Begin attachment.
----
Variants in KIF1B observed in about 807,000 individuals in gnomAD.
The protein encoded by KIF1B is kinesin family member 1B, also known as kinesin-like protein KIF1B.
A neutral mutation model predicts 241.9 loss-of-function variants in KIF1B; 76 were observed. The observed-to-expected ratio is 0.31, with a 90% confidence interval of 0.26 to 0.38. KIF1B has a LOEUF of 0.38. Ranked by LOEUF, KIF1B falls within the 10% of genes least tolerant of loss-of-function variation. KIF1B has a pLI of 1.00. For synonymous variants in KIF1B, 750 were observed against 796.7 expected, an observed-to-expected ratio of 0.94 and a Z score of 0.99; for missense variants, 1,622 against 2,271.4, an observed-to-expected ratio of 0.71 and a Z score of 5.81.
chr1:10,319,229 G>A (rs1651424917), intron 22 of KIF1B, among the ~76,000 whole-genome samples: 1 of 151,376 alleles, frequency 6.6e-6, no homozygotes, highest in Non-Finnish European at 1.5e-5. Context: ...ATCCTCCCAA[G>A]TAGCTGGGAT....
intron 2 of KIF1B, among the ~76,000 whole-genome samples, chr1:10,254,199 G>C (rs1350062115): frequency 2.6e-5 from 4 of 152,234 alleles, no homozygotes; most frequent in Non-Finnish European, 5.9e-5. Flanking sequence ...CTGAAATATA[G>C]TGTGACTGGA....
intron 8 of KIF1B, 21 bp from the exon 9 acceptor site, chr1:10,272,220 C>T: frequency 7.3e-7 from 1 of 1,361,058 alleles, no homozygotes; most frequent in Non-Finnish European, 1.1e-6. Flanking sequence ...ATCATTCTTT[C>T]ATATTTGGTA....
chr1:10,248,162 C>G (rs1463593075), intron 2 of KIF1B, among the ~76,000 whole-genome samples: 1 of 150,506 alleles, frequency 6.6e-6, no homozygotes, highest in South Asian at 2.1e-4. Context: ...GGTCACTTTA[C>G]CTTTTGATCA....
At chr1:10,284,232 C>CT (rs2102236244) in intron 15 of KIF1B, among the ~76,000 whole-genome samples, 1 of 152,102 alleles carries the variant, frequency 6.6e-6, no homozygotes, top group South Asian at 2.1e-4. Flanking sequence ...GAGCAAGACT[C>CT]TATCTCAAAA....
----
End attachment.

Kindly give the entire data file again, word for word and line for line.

Variants in KIF1B observed in about 807,000 individuals in gnomAD.
The protein encoded by KIF1B is kinesin family member 1B, also known as kinesin-like protein KIF1B.
A neutral mutation model predicts 241.9 loss-of-function variants in KIF1B; 76 were observed. The observed-to-expected ratio is 0.31, with a 90% confidence interval of 0.26 to 0.38. KIF1B has a LOEUF of 0.38. Ranked by LOEUF, KIF1B falls within the 10% of genes least tolerant of loss-of-function variation. KIF1B has a pLI of 1.00. For synonymous variants in KIF1B, 750 were observed against 796.7 expected, an observed-to-expected ratio of 0.94 and a Z score of 0.99; for missense variants, 1,622 against 2,271.4, an observed-to-expected ratio of 0.71 and a Z score of 5.81.
chr1:10,319,229 G>A (rs1651424917), intron 22 of KIF1B, among the ~76,000 whole-genome samples: 1 of 151,376 alleles, frequency 6.6e-6, no homozygotes, highest in Non-Finnish European at 1.5e-5. Context: ...ATCCTCCCAA[G>A]TAGCTGGGAT....
intron 2 of KIF1B, among the ~76,000 whole-genome samples, chr1:10,254,199 G>C (rs1350062115): frequency 2.6e-5 from 4 of 152,234 alleles, no homozygotes; most frequent in Non-Finnish European, 5.9e-5. Flanking sequence ...CTGAAATATA[G>C]TGTGACTGGA....
intron 8 of KIF1B, 21 bp from the exon 9 acceptor site, chr1:10,272,220 C>T: frequency 7.3e-7 from 1 of 1,361,058 alleles, no homozygotes; most frequent in Non-Finnish European, 1.1e-6. Flanking sequence ...ATCATTCTTT[C>T]ATATTTGGTA....
chr1:10,248,162 C>G (rs1463593075), intron 2 of KIF1B, among the ~76,000 whole-genome samples: 1 of 150,506 alleles, frequency 6.6e-6, no homozygotes, highest in South Asian at 2.1e-4. Context: ...GGTCACTTTA[C>G]CTTTTGATCA....
At chr1:10,284,232 C>CT (rs2102236244) in intron 15 of KIF1B, among the ~76,000 whole-genome samples, 1 of 152,102 alleles carries the variant, frequency 6.6e-6, no homozygotes, top group South Asian at 2.1e-4. Flanking sequence ...GAGCAAGACT[C>CT]TATCTCAAAA....